Domestic wastewater 6221 Choice of method

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A decision tree for domestic wastewater is included in Figure 6.2.

Figure 6.2 Decision Tree for CH4 emissions from domestic wastewater

Figure 6.2 Decision Tree for CH4 emissions from domestic wastewater

Policy Factors

1. See Volume 1 Chapter 4, "Methodological Choice and Identification of Key Categories" (noting Section 4.1.2 on limited resources), for discussion of key categories and use of decision trees.

1. See Volume 1 Chapter 4, "Methodological Choice and Identification of Key Categories" (noting Section 4.1.2 on limited resources), for discussion of key categories and use of decision trees.

The steps for good practice in inventory preparation for CH4 from domestic wastewater are as follows:

Step 1: Use Equation 6.3 to estimate total organically degradable carbon in wastewater (TOW).

Step 2: Select the pathway and systems (See Figure 6.1) according to country activity data. Use Equation 6.2 to obtain the emission factor for each domestic wastewater treatment/discharge pathway or system.

Step 3: Use Equation 6.1 to estimate emissions, adjust for possible sludge removal and/or CH4 recovery and sum the results for each pathway/system.

As described earlier, the wastewater characterisation will determine the fraction of wastewater treated or disposed of by a particular system. To determine the use of each type of treatment or discharge system, it is good practice to refer to national statistics (e.g., from regulatory authorities). If these data are not available, wastewater associations or international organisations such as the World Health Organization (WHO) may have data on the system usage.

Otherwise, consultation with sanitation experts can help, and expert judgement can also be applied (see Chapter 2, Approaches to Data Collection, in Volume 1). Urbanisation statistics may provide a useful tool, e.g., city sizes and income distribution.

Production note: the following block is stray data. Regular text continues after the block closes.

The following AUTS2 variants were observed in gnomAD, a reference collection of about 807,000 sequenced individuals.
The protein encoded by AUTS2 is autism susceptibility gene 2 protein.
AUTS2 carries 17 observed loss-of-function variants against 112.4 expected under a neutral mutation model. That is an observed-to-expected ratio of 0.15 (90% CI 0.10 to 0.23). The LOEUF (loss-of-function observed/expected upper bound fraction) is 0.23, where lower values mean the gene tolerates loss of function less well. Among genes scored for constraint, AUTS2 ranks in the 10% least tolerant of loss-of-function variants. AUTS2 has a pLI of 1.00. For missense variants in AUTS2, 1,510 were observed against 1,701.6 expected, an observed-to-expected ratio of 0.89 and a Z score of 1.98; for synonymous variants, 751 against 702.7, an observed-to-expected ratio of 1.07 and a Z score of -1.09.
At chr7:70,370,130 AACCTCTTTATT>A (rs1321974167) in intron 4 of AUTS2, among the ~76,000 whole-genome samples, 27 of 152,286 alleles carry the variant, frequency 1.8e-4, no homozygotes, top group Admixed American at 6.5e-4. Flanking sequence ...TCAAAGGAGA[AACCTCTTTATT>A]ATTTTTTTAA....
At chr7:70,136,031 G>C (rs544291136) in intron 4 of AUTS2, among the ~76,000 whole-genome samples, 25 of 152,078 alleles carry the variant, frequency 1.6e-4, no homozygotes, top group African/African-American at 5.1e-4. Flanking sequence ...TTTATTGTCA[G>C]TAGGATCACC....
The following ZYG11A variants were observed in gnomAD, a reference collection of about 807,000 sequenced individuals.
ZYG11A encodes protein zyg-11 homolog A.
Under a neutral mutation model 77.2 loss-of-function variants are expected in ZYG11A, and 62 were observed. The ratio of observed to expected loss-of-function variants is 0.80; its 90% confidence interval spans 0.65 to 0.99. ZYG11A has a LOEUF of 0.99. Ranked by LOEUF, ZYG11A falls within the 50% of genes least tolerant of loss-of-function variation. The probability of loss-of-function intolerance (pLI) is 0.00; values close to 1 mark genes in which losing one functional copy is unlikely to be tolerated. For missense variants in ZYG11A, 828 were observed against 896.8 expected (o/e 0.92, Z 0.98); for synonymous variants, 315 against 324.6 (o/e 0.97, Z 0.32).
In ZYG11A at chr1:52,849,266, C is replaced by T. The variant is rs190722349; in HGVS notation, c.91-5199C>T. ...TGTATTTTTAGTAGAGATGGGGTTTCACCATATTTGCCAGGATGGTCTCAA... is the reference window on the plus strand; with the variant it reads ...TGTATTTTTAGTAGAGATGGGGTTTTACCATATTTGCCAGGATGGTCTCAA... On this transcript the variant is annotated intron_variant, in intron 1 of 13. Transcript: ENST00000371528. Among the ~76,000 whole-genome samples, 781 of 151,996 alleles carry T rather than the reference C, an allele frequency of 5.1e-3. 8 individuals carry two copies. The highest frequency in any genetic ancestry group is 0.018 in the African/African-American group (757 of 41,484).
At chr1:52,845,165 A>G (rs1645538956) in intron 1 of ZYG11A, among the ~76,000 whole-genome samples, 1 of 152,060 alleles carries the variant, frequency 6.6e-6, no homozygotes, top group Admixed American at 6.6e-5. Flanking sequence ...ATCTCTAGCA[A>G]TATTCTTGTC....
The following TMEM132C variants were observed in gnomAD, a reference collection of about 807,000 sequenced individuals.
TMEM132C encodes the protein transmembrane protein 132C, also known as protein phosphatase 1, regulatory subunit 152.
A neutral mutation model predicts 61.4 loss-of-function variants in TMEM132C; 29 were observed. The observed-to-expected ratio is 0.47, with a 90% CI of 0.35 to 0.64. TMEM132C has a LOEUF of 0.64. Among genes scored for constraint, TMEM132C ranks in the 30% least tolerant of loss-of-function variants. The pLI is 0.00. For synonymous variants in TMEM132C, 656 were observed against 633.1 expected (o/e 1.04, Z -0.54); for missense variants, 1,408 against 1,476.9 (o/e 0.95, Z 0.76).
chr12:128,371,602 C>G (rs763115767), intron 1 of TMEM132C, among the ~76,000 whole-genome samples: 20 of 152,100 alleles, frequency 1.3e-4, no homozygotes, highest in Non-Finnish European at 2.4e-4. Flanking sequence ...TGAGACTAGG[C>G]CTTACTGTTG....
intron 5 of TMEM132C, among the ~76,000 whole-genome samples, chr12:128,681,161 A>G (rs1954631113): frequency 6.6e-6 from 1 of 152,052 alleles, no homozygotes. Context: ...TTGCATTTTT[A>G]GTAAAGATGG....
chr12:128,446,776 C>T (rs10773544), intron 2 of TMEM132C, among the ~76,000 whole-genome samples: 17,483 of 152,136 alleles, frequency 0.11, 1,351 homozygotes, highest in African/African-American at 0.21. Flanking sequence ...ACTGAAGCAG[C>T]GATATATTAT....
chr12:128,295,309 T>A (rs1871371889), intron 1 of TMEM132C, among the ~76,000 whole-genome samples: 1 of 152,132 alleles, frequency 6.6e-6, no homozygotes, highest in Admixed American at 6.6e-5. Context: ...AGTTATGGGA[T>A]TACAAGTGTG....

If sludge separation is practised and appropriate statistics are available, then this category should be separated out as a subcategory. If default factors are being used, emissions from wastewater and sludge should be estimated together. Regardless of how sludge is treated, it is important that CH4 emissions from sludge sent to landfills, incinerated or used in agriculture are not included in the wastewater treatment and discharge category. If sludge removal data are available, the data should be consistent across the sectors, and categories, amount disposed at SWDS, applied to agricultural land, incinerated or used elsewhere should be equal to the amount organic component removed as sludge in Equation 6.1. Wastewater and sludge that is applied on agricultural land should be considered in Volume 4 for AFOLU Sector, Section 11.2, N2O emissions from managed soils, in Chapter 11, N2O Emissions from Managed Soils, and CO2 Emissions from Lime and Urea Application.

Wastewater treatment system/pathway usage often differs for rural and urban residents. Also, in developing countries, there are likely to be differences between urban high-income and urban low-income residents. Hence, a factor U is introduced to express each income group fraction. It is good practice to treat the three categories: rural population, urban high income population, and urban low income population separately. It is suggested to use a spreadsheet, as shown in Table 6.5 below.

The general equation to estimate CH4 emissions from domestic wastewater is as follows:

Equation 6.1 Total CH4 emissions from domestic wastewater

CH4 Emissions =

Where:

CH4 Emissions = CH4 emissions in inventory year, kg CH4/yr TOW = total organics in wastewater in inventory year, kg BOD/yr organic component removed as sludge in inventory year, kg BOD/yr fraction of population in income group i in inventory year, See Table 6.5.

degree of utilisation of treatment/discharge pathway or system, j, for each income group fraction i in inventory year, See Table 6.5.

income group: rural, urban high income and urban low income each treatment/discharge pathway or system emission factor, kg CH4 / kg BOD

amount of CH4 recovered in inventory year, kg CH4/yr

6.2.2.2 Choice of emission factors